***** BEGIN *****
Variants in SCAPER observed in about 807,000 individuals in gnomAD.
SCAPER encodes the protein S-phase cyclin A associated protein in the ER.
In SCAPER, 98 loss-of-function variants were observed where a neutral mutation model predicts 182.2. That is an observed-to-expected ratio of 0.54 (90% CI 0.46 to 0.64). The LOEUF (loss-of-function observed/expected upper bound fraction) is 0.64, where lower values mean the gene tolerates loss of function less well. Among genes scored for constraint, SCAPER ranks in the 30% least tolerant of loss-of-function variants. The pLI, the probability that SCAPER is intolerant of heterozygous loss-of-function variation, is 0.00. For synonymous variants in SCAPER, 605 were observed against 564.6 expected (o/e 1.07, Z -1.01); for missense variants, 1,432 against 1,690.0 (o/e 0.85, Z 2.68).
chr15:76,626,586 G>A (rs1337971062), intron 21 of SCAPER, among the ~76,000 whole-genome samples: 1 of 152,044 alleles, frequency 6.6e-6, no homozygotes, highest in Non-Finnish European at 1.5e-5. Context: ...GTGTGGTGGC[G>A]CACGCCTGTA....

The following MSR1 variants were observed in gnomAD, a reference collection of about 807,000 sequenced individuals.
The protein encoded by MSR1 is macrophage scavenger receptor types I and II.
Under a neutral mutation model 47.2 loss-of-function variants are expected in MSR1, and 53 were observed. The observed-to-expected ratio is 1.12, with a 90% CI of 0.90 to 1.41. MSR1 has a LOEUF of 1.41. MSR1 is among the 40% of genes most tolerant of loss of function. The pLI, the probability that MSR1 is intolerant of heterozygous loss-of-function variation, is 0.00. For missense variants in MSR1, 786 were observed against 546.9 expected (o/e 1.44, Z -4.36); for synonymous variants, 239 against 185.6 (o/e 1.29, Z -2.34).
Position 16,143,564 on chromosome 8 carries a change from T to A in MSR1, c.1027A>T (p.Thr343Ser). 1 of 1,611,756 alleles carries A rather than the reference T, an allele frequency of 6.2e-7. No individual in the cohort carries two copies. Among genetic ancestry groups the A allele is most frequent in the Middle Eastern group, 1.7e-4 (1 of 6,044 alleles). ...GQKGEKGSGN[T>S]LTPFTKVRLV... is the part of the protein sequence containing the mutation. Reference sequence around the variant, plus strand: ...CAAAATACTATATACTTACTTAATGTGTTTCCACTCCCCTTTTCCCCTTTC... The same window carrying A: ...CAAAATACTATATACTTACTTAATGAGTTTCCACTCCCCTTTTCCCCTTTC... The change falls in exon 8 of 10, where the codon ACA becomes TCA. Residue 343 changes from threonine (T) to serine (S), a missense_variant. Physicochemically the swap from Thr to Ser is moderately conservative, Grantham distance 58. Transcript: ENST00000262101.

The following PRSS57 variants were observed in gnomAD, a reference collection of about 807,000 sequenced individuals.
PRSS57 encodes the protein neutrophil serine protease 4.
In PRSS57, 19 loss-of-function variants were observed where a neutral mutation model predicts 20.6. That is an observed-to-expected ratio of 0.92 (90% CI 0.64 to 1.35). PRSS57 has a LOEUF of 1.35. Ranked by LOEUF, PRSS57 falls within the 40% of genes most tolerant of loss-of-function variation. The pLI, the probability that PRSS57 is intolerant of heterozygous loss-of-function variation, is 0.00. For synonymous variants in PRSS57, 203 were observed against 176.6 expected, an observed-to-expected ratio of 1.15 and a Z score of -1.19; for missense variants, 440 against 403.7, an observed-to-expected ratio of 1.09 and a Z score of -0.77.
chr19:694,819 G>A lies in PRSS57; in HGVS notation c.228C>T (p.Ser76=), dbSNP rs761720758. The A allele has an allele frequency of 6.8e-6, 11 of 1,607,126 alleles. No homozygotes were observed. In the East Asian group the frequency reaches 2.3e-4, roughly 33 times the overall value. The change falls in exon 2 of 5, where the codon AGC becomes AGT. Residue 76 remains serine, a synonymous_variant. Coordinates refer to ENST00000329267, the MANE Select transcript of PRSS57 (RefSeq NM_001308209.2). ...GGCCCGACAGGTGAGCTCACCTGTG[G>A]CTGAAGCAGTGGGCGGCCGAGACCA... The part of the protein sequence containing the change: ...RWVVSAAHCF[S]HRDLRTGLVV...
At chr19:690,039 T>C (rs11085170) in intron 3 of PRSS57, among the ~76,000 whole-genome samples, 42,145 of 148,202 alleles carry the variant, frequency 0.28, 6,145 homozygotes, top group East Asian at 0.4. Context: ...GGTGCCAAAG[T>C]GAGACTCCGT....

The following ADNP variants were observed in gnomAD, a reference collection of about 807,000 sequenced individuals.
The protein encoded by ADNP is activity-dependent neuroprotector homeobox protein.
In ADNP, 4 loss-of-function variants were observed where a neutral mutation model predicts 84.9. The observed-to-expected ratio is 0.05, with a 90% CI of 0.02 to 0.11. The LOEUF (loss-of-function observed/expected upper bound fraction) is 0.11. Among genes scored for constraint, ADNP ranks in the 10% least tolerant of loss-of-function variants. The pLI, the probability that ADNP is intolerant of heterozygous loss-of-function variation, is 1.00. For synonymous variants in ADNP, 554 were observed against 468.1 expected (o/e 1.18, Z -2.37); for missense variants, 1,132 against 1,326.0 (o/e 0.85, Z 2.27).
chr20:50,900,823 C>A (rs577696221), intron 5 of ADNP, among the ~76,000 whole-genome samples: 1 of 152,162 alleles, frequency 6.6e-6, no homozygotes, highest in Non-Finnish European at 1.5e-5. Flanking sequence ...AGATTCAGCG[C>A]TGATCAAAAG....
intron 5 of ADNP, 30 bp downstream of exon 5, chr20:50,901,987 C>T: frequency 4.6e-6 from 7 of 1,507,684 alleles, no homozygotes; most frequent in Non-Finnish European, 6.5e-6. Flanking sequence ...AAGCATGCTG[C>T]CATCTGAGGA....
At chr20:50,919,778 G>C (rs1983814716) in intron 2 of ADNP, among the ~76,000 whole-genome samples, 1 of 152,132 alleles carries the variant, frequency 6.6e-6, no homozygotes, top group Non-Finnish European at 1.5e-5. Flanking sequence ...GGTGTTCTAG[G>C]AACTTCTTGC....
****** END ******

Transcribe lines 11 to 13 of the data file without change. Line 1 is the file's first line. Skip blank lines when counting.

In PRSS57, 19 loss-of-function variants were observed where a neutral mutation model predicts 20.6. That is an observed-to-expected ratio of 0.92 (90% CI 0.64 to 1.35). PRSS57 has a LOEUF of 1.35. Ranked by LOEUF, PRSS57 falls within the 40% of genes most tolerant of loss-of-function variation. The pLI, the probability that PRSS57 is intolerant of heterozygous loss-of-function variation, is 0.00. For synonymous variants in PRSS57, 203 were observed against 176.6 expected, an observed-to-expected ratio of 1.15 and a Z score of -1.19; for missense variants, 440 against 403.7, an observed-to-expected ratio of 1.09 and a Z score of -0.77.
chr19:694,819 G>A lies in PRSS57; in HGVS notation c.228C>T (p.Ser76=), dbSNP rs761720758. The A allele has an allele frequency of 6.8e-6, 11 of 1,607,126 alleles. No homozygotes were observed. In the East Asian group the frequency reaches 2.3e-4, roughly 33 times the overall value. The change falls in exon 2 of 5, where the codon AGC becomes AGT. Residue 76 remains serine, a synonymous_variant. Coordinates refer to ENST00000329267, the MANE Select transcript of PRSS57 (RefSeq NM_001308209.2). ...GGCCCGACAGGTGAGCTCACCTGTG[G>A]CTGAAGCAGTGGGCGGCCGAGACCA... The part of the protein sequence containing the change: ...RWVVSAAHCF[S]HRDLRTGLVV...
At chr19:690,039 T>C (rs11085170) in intron 3 of PRSS57, among the ~76,000 whole-genome samples, 42,145 of 148,202 alleles carry the variant, frequency 0.28, 6,145 homozygotes, top group East Asian at 0.4. Context: ...GGTGCCAAAG[T>C]GAGACTCCGT....